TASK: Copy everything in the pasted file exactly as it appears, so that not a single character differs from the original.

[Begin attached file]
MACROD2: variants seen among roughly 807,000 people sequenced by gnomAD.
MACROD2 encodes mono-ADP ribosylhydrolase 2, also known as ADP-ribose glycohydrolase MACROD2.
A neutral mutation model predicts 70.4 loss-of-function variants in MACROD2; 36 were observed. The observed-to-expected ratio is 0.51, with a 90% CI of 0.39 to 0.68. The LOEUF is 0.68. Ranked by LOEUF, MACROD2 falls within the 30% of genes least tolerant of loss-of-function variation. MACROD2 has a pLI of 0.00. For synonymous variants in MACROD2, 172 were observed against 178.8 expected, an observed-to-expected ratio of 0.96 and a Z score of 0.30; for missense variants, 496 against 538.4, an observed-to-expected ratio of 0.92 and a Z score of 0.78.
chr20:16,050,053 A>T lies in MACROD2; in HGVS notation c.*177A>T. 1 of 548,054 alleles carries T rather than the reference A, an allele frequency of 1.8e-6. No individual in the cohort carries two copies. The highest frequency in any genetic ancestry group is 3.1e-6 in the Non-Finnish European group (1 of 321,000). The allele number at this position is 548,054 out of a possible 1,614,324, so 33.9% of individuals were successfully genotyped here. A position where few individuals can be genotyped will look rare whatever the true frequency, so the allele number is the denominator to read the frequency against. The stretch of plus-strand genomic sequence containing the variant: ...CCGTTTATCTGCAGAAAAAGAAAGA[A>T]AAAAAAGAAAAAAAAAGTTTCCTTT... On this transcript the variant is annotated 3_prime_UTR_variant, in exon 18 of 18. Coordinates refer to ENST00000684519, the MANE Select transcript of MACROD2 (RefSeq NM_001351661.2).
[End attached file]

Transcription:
MACROD2: variants seen among roughly 807,000 people sequenced by gnomAD.
MACROD2 encodes mono-ADP ribosylhydrolase 2, also known as ADP-ribose glycohydrolase MACROD2.
A neutral mutation model predicts 70.4 loss-of-function variants in MACROD2; 36 were observed. The observed-to-expected ratio is 0.51, with a 90% CI of 0.39 to 0.68. The LOEUF is 0.68. Ranked by LOEUF, MACROD2 falls within the 30% of genes least tolerant of loss-of-function variation. MACROD2 has a pLI of 0.00. For synonymous variants in MACROD2, 172 were observed against 178.8 expected, an observed-to-expected ratio of 0.96 and a Z score of 0.30; for missense variants, 496 against 538.4, an observed-to-expected ratio of 0.92 and a Z score of 0.78.
chr20:16,050,053 A>T lies in MACROD2; in HGVS notation c.*177A>T. 1 of 548,054 alleles carries T rather than the reference A, an allele frequency of 1.8e-6. No individual in the cohort carries two copies. The highest frequency in any genetic ancestry group is 3.1e-6 in the Non-Finnish European group (1 of 321,000). The allele number at this position is 548,054 out of a possible 1,614,324, so 33.9% of individuals were successfully genotyped here. A position where few individuals can be genotyped will look rare whatever the true frequency, so the allele number is the denominator to read the frequency against. The stretch of plus-strand genomic sequence containing the variant: ...CCGTTTATCTGCAGAAAAAGAAAGA[A>T]AAAAAAGAAAAAAAAAGTTTCCTTT... On this transcript the variant is annotated 3_prime_UTR_variant, in exon 18 of 18. Coordinates refer to ENST00000684519, the MANE Select transcript of MACROD2 (RefSeq NM_001351661.2).